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Azithromycin Monotherapy in Pediatric Patients with Primary Toxoplasma Retinochoroiditis: A Report from Egypt

Alaa Radwan, MD

Presenter:

Alaa E. Radwan, Amin RM

Authors:

Affiliation:

  1. President of Egyptian Uveitis Society, Egypt

  2. Cortoba Eye Centre, Cairo, Egypt

  3. Department of Ophthalmology, Alexandria University, Egypt

  4. Barts and the London NHS Trust, London, UK

Purpose: Toxoplasma gondii is an intracellular protozoan endemic throughout the world. Its prevalence will vary in different regions, but it is considered to be the most common cause of infectious posterior uveitis in humans. Most cases of toxoplasma retinitis are believed to be secondary to postnatal acquired infections. It appears that there is no consensus on standard therapy for ocular disease despite a number of case series and a few randomized trials. This study was conducted to evaluate the efficacy and safety of azithromycin for the treatment of acquired ocular toxoplasmosis in pediatric patients. 

 

Methods: This is a prospective study where patients with sight-threatening primary acquired ocular toxoplasmosis under 18 years of age were treated with azithromycin 250 mg/day for 6 weeks and followed up for a minimum of one year. Demographic data, clinical findings on ophthalmic examination, recurrence rates, and systemic side effects were recorded.

Results: 11 patients were recruited for the study. In the absence of facilities for molecular analysis, the diagnosis was presumed based on the characteristic fundus findings of focal necrotizing retinitis or retinochoroiditis and positive serology for toxoplasma using quantitative ELISA or hemagglutination tests. The disease was considered as primary ocular toxoplasmosis in the absence of associated retinochoroidal scars in either eye.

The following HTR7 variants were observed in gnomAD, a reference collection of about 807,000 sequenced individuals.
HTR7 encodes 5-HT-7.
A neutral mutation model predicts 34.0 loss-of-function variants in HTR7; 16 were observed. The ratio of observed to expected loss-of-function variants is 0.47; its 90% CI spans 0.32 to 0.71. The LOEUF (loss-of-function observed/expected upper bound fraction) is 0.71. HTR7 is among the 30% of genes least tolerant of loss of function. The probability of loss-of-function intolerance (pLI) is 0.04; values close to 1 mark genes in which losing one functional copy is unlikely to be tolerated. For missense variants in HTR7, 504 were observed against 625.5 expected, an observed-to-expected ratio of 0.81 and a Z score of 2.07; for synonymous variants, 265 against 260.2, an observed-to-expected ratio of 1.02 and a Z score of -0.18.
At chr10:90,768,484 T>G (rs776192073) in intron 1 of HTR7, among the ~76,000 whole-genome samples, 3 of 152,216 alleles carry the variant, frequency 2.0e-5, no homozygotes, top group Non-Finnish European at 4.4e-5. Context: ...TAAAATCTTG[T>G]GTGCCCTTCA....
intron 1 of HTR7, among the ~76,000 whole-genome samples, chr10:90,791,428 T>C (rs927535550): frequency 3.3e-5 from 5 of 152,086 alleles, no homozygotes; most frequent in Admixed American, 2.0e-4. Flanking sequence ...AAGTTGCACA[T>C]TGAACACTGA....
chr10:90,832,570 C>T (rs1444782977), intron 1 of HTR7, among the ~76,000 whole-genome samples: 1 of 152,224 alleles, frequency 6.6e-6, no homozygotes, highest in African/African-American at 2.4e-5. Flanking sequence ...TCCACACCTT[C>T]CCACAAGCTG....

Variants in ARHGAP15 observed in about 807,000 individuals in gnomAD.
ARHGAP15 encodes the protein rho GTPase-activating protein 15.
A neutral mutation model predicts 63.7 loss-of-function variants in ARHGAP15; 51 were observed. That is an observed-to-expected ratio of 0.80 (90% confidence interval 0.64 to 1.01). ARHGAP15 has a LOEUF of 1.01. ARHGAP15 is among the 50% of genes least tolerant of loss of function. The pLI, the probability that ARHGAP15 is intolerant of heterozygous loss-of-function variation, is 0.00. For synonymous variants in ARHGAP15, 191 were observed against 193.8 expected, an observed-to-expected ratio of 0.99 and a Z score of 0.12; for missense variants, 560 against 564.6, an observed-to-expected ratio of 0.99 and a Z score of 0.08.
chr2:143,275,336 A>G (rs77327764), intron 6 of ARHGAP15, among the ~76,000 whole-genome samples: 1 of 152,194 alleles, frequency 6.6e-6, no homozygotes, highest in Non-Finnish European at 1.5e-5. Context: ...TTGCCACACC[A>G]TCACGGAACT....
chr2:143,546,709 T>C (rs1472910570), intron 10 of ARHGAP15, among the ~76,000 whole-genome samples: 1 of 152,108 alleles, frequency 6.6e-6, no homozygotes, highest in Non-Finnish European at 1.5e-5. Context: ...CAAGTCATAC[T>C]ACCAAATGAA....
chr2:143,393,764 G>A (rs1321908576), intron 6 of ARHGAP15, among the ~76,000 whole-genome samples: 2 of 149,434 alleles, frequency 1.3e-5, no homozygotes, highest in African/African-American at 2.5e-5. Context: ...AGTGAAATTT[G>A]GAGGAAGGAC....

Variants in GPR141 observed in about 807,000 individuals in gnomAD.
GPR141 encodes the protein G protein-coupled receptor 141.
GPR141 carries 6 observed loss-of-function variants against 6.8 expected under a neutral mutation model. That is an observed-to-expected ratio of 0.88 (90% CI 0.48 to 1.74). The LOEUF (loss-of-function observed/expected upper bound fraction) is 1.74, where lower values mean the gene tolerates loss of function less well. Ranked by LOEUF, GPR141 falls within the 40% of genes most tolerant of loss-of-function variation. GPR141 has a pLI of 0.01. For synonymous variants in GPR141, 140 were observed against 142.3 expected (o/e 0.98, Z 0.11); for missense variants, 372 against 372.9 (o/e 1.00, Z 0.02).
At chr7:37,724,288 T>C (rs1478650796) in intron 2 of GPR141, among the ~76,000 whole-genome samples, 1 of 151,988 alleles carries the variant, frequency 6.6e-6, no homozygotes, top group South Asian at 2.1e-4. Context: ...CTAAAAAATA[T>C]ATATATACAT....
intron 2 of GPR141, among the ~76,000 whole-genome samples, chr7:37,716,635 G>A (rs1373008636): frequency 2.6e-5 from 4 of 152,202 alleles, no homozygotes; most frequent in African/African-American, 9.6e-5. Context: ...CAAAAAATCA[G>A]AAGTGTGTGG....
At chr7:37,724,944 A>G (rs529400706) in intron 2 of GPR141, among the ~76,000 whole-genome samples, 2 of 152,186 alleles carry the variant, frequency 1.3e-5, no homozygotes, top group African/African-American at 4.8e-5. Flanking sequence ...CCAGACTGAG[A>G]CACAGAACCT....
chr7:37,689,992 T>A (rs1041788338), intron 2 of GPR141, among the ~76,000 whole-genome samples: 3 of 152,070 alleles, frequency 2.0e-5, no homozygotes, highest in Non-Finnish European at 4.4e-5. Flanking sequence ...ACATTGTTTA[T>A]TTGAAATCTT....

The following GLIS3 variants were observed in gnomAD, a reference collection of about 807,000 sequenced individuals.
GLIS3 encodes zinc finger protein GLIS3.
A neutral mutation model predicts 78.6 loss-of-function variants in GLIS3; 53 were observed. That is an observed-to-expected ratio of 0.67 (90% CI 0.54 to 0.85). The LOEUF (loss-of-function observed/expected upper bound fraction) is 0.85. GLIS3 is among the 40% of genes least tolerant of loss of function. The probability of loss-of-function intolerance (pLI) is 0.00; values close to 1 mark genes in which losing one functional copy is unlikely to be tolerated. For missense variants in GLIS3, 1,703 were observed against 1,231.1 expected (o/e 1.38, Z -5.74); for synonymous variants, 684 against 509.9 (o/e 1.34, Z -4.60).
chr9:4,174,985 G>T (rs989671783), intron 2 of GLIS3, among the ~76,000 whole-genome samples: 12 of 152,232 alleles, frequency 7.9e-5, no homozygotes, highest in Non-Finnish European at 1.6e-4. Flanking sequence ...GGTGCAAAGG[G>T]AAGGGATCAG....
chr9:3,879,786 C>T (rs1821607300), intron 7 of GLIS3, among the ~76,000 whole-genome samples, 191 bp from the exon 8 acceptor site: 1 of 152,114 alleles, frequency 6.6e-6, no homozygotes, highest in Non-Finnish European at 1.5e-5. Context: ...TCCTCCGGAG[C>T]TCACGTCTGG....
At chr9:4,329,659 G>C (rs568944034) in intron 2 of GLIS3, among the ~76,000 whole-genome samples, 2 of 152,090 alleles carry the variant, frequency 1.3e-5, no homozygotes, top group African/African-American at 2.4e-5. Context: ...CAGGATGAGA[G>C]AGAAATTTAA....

All eyes were treated for inflammatory lesions along the vascular arcades, retinitis in proximity to the macula or optic disc, or severe intraocular inflammation. Mean duration to resolution of the inflammation and scarring of the lesions was 5.3 weeks. None of the patients had a recurrence over the follow up period, and none showed treatment related side effects. A 14 year old girl had declined treatment and was lost to follow up, but returned at 5 months with enlargement of the macular lesion and irreversible loss of vision to extensive scarring.

 

Conclusion: Azithromycin appears to be a safe and effective treatment option for primary acquired ocular toxoplasma in children. Large randomized clinical studies are still needed to compare the efficacy of one treatment option over the other.

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